Goose Island was kind enough to send me a sample of their Bourbon County Stout at one time, and I am finally got around to reviewing it. a few weeks later.
Goose Island is a brewery out of the Windy City, Chicago, Illinois. According to the press release they sent me with the beer (which was packaged in a recyclable and reusable tin container and packed with recycled and recyclable Prairie Eco Pack inside a 100% post consumer recycled box):
Goose Island Brewing Company has been celebrating the annual release of its Bourbon County Stout since it was first created 16 years ago by brewmaster Greg Hall to commemorate the 1000th batch at the original Chicago brewpub…
Apparently this beer was aged for 10 months in 16-year-old bourbon barrels. The press release describes this as “dark and dense”, and with a flavor so intense, “only the most decadent chocolate dessert can stand up to it”.
On the pour you can tell this is one thick, thick beer. It pours like a fine motor oil, black and thick and clinging to the glass. There is very little head to speak of, but what is there is caramel brown. The beer is absolutely opaque. As a matter of fact, it looks pitch black.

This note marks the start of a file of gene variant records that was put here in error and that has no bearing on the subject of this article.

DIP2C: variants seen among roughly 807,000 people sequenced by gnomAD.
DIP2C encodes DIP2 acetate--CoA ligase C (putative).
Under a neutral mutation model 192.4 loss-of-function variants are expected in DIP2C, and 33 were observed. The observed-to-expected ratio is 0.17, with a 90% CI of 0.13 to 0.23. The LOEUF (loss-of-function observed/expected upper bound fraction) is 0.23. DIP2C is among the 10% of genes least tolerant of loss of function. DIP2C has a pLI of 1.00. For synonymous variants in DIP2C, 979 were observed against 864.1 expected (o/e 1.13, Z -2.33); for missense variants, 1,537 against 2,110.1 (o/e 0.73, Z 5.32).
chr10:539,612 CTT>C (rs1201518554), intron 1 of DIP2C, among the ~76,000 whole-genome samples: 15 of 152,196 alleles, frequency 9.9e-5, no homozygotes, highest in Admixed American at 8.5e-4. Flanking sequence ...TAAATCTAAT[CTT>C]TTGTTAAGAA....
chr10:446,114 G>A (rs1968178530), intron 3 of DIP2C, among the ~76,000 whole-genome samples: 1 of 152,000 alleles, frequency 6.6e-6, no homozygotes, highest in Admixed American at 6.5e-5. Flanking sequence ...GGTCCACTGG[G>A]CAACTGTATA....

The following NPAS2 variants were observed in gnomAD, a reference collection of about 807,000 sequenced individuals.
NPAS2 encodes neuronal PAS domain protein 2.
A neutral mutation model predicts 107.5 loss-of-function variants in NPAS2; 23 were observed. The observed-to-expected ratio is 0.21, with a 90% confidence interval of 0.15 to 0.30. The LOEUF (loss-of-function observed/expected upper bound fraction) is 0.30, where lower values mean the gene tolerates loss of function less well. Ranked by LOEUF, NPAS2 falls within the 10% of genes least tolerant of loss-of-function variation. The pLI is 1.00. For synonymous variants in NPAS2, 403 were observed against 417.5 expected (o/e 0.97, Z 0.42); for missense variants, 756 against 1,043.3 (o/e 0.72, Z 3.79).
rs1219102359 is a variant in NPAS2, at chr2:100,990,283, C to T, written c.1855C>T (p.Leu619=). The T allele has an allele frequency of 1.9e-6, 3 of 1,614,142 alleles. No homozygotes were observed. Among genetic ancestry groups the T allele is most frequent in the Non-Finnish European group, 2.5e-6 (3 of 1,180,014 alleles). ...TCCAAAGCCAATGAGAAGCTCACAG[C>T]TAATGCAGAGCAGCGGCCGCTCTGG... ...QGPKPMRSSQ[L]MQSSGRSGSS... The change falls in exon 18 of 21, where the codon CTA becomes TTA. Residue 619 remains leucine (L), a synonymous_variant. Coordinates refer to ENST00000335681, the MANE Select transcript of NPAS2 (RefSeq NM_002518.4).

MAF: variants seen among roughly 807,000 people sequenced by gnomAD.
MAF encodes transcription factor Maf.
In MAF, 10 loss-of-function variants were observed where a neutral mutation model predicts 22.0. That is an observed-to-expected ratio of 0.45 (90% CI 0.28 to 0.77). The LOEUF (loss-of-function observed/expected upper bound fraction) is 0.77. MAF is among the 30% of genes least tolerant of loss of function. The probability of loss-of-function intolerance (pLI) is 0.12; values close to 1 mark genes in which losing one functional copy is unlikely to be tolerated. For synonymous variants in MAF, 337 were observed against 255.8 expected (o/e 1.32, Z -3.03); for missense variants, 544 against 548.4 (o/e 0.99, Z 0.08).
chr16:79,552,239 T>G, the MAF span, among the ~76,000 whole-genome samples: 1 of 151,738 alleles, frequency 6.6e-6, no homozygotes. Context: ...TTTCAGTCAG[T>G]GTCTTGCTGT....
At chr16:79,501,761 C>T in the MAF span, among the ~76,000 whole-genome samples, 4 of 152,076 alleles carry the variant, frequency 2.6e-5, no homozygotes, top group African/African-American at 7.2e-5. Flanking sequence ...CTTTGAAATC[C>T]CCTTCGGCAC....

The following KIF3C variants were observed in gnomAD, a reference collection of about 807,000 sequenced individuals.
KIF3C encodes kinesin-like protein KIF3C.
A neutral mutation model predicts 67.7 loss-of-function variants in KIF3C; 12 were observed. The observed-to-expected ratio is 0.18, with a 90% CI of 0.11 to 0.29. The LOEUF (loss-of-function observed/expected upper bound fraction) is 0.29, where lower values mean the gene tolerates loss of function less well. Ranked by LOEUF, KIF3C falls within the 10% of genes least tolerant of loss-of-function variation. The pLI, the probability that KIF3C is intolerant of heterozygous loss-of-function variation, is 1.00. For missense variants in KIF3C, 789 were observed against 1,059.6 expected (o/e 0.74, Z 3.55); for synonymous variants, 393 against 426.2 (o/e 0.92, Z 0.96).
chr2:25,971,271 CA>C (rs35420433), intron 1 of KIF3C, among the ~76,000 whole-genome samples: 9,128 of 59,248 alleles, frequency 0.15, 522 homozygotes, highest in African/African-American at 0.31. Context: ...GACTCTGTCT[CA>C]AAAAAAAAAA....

There are definitely roasted malt and deep dark fruit aromas here as well as chocolate and coffee notes. There are hints of bourbon as well. This smells like it will be one strong thick brew, not for the faint of heart!
This seems actually thicker than you anticipate, which is difficult to accomplish. The higher alcohol content is definitely noticeable, but it does not distract from the overall flavor profile. You can taste the roasted malt and the oak of the bourbon barrel, and chocolate and coffee notes are there as well in varying degrees that seem to change with each taste. Overall the flavor is intense!
This beer is one very well suited for aging, and I would definitely like to try this after it ages a couple of years. It’s a little too thick for my tastes, but it is a unique and interesting beer. It would probably be fantastic after aging a while. Something to be savored, as a fine wine.
Recommended: If you’re after a thick, intensely nuanced beer, absolutely. Definitely something to try now and to age, to compare the flavors as they mellow.
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